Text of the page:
In the recent  Delta Optimist, Doug Massey, son of George Massey has taken a look at the recent report by  the Corporation of Delta describing safety concerns and fire/ambulance response in the tunnel. And Mr. Massey responds “It’s all a plan in order to make it (tunnel) distasteful for the public and favourable towards a bridge. Politics by the province is behind the latest report by Delta on the George Massey Tunnel.”
As the son of George Massey who had the idea to construct the tunnel five decades ago, Doug Massey has been unwavering in responding to the continually  changing and sometimes quite diverse rationale that the Province champions in their dogged determination that the $3.5 billion dollar Massey bridge is good for us. After Delta’s safety report came out,  Transportation Minister Todd Stone commended  Delta for the report.

But Doug Massey says not so fast. “They’re playing a game of making the tunnel look bad. Of course it doesn’t have the safety features of a brand new tunnel but a lot of the accidents they’re talking about are not even in the tunnel, they’re on the approaches, and if they had proper warning signs well in advance to keep your headlights on, that would definitely help”.

Doug Massey also points out that there are immediate options to increasing first responder safety and lessening accidents in the tunnel, including restricting large trucks to certain times, and brightening the walls of the tunnel’s interior. He also notes that immersed tunnels are built around the world, with some of these immersed tunnels (are) 37 metres down and 12 miles long, so, come on, you don’t build these things if they’re not safe. Ours is less than a mile long”.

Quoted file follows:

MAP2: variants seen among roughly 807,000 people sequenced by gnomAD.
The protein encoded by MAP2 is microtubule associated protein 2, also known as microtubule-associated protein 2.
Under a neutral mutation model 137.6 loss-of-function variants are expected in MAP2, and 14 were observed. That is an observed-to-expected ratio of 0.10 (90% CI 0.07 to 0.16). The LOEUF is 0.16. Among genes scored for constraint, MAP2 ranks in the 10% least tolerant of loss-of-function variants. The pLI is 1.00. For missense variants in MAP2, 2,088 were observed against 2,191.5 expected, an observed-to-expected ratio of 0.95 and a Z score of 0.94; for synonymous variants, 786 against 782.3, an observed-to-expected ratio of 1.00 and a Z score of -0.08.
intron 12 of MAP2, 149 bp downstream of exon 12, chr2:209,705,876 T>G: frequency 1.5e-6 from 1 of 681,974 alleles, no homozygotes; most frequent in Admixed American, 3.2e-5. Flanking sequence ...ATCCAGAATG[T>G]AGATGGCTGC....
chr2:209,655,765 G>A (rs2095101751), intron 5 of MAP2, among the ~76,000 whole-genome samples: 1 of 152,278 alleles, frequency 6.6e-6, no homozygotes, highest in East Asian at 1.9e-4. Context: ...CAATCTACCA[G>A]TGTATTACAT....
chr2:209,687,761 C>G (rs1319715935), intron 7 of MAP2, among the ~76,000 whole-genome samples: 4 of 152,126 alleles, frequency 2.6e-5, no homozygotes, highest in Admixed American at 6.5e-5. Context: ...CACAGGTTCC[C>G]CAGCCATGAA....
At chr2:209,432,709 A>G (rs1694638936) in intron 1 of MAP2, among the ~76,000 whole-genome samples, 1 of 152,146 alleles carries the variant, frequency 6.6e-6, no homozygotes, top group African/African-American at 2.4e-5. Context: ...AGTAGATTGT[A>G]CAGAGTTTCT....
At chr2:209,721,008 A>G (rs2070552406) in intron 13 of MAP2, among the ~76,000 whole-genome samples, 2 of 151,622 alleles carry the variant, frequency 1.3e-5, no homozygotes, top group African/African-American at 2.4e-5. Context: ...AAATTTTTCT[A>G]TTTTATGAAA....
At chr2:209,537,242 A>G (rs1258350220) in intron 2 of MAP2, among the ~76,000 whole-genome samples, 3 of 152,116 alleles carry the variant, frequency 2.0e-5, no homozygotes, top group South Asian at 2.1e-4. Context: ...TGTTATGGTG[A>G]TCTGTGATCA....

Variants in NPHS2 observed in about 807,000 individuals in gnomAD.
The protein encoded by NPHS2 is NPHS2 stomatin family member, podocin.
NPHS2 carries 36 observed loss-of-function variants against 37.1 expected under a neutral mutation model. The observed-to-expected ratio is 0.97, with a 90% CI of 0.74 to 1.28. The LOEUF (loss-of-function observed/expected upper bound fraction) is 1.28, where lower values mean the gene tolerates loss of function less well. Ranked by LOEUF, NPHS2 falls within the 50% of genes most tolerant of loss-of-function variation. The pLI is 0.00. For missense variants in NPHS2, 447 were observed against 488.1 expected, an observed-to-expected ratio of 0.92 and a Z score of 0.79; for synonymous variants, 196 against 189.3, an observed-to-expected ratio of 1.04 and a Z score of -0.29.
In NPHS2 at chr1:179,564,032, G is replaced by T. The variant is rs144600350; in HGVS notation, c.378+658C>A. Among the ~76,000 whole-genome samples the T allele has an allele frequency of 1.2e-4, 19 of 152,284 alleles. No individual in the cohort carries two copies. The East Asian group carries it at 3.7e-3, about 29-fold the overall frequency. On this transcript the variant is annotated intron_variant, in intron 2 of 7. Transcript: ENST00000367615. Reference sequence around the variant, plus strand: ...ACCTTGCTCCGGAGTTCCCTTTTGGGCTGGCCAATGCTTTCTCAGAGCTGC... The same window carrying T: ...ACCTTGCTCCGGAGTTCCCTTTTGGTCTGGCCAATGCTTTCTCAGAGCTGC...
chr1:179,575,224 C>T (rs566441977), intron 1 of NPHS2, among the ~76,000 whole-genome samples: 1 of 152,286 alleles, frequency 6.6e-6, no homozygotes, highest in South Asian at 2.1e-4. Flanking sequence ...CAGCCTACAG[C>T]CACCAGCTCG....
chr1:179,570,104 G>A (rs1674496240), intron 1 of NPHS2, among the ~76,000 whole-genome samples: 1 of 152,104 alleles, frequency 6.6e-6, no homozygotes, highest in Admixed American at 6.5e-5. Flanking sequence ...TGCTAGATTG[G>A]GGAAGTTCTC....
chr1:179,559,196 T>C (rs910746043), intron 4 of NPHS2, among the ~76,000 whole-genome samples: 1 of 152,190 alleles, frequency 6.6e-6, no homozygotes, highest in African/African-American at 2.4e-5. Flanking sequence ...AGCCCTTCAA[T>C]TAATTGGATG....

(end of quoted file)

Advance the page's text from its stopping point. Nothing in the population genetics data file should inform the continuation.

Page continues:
“There’s a lot of things they could be doing to make it safer, but they’re making it more difficult. It’s just a game and they’re playing with people’s lives by doing it”. 

Despite the fact that every other municipality in Metro Vancouver has requested a rethink of this bridge’s size, location, and rationale, the Province is continuing its relentless quest forward. Its been a particularly awkward era in Delta, where cumulative impacts of  the proposed port expansion decimating vital flyway habitat, continued industrial development, the loss of agricultural land, and the building of a mega mall have erased arable farmland on the floodplain. Now the building of a massive ten lane bridge will further exacerbate the ecological fragility.

How will these decisions be regarded in fifty years?